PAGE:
(a) Dehydration

As explained, dehydration is the most common complication of HFMD. Some people, particularly young kids, can get dehydrated if they are unable to swallow enough drinks due to painful mouth and throat sores.

As a parent, teach your child to stay hydrated throughout until it gets healed. 

If they become extremely dehydrated, hospitalization may be required. Doctors may recommend IV fluid to ensure proper hydration. 

(b) Loss of fingernail and toenails 

Some patients may lose a fingernail or toenail as a result of HFMD, albeit this is extremely rare. The majority of instances of fingernail and toenail loss have involved children.

In many reported cases, the nail loss typically occurred a few weeks after the person became ill.

The nail normally regrows on its own. However, there is no conclusive evidence that HFMD caused the loss of nails.

(c) Encephalitis (Brain swelling)

Encephalitis is a serious condition affecting the brain. It involves the inflammation of the active tissues of the brain caused by infection (HFMD in this case). Sometimes, it may lead to permanent brain damage, which could be life-threatening. 

(d) Viral meningitis

A small percentage of patients with HFMD may develop viral meningitis. This condition is associated with the inflammation of the cerebrospinal fluid that surrounds the brain and, spinal cord, and membranes (meninges).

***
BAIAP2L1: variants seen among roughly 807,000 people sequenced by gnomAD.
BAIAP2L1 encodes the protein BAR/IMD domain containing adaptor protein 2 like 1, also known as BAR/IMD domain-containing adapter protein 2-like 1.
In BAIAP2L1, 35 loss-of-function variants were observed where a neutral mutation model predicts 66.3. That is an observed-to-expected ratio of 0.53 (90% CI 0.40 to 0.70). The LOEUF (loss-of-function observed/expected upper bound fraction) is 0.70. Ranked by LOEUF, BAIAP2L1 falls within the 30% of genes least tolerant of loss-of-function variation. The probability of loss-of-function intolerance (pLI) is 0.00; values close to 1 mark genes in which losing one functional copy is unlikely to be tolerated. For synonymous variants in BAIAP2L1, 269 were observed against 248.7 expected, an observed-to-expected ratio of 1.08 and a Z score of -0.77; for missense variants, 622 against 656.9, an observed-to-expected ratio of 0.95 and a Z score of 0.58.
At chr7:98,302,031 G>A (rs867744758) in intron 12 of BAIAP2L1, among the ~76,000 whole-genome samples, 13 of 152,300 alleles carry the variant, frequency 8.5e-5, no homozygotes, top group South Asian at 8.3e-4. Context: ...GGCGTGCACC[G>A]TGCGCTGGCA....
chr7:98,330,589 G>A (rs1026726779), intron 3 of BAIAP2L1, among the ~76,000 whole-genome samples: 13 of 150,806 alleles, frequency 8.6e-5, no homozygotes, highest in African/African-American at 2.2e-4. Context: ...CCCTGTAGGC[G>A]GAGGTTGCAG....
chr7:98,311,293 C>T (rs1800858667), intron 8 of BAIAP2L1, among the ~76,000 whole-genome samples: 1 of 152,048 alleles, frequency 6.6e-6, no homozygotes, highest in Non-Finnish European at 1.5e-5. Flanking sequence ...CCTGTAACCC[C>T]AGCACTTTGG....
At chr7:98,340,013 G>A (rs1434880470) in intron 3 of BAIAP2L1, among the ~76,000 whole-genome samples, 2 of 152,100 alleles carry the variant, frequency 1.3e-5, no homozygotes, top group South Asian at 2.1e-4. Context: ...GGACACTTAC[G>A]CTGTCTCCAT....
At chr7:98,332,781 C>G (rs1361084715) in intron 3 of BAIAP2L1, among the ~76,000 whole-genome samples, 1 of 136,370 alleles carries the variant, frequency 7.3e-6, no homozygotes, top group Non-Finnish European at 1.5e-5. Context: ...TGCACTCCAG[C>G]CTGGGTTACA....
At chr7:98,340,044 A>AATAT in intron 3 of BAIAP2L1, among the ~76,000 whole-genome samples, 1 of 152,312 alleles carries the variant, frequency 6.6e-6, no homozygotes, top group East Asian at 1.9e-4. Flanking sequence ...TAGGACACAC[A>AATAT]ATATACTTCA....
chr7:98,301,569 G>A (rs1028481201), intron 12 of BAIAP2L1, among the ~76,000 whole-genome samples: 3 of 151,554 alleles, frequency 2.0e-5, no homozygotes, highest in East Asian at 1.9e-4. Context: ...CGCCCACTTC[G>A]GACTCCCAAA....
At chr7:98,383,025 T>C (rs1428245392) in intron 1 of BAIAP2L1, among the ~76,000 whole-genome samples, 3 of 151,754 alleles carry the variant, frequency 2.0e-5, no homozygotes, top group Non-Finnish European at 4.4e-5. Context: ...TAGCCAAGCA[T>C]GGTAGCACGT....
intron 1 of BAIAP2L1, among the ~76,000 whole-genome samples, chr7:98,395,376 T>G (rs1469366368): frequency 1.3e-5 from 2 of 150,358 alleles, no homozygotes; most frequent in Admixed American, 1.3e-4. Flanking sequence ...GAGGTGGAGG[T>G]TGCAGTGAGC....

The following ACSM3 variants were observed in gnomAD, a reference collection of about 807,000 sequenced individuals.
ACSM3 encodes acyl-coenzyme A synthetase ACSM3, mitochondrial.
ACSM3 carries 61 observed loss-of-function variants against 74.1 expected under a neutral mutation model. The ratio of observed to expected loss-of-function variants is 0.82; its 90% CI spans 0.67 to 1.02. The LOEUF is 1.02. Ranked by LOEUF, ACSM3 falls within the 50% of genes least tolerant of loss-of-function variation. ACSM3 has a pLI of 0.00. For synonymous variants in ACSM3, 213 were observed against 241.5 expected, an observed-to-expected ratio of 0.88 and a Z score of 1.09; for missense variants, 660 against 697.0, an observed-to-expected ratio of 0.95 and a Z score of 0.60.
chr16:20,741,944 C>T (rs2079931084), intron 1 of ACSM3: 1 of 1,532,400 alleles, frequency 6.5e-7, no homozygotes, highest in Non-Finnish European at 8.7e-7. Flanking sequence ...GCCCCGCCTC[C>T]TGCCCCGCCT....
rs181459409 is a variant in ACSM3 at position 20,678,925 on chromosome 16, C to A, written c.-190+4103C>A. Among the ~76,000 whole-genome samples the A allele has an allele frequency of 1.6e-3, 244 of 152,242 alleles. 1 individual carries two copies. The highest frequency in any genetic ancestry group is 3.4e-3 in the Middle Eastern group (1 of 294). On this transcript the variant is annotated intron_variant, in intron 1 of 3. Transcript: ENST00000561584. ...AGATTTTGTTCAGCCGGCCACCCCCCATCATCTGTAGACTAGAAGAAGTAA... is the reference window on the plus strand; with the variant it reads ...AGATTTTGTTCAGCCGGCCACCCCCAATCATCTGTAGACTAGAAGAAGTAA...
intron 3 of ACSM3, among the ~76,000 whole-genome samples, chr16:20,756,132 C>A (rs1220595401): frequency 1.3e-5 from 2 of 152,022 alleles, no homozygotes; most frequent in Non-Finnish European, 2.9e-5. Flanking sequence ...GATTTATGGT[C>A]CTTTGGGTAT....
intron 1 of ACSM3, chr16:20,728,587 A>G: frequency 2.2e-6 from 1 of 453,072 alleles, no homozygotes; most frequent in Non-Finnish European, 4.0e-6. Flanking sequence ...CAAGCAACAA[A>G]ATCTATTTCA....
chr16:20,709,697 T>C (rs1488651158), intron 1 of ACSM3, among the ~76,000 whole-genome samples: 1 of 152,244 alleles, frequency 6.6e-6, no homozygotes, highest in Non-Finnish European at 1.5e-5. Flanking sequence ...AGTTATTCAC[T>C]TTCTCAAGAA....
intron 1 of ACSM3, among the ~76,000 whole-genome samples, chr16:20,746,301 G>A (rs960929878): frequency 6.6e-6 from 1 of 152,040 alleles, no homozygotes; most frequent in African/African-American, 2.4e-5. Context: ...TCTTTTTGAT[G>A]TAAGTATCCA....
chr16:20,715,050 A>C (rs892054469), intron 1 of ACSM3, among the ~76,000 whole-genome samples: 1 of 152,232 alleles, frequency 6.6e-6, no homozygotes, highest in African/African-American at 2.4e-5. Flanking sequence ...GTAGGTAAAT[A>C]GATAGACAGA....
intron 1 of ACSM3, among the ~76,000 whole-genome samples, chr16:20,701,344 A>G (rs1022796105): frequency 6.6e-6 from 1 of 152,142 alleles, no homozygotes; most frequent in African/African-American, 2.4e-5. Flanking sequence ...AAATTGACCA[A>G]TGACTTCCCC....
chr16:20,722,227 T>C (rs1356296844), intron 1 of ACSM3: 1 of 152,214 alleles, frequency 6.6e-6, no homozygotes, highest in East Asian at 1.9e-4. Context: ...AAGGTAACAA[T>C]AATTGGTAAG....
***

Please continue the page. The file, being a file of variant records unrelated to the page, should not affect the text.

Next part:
A few days of hospitalization may be necessary for the infected person to recover from symptoms such as fever, headache, stiff neck, or back pain.

Swelling of the heart muscles or myocarditis and paralysis are also possible complications that may arise from hand, foot, and mouth disease. 

When To See a Medical Professional?

Since the virus is the culprit behind HFMD, it simply needs to run its course. Most of the time, hand, foot, and mouth disease resolves on its own within a week of rest and proper hydration. 

Call your doctor if: 

  • Your child is younger than six months. 
  • Their symptoms don’t get better in a week. 
  • They have trouble swallowing foods and drinks.
  • You notice drainage, swelling, or a larger area of redness around any sores.
  • They experience seizures and are not able to focus on work. 
  • They have extreme fever for more than three days (<102°F).
  • They show signs of dehydration like dry mouth, dark urine, no pee in 4 to 6 hours, and sunken eyes.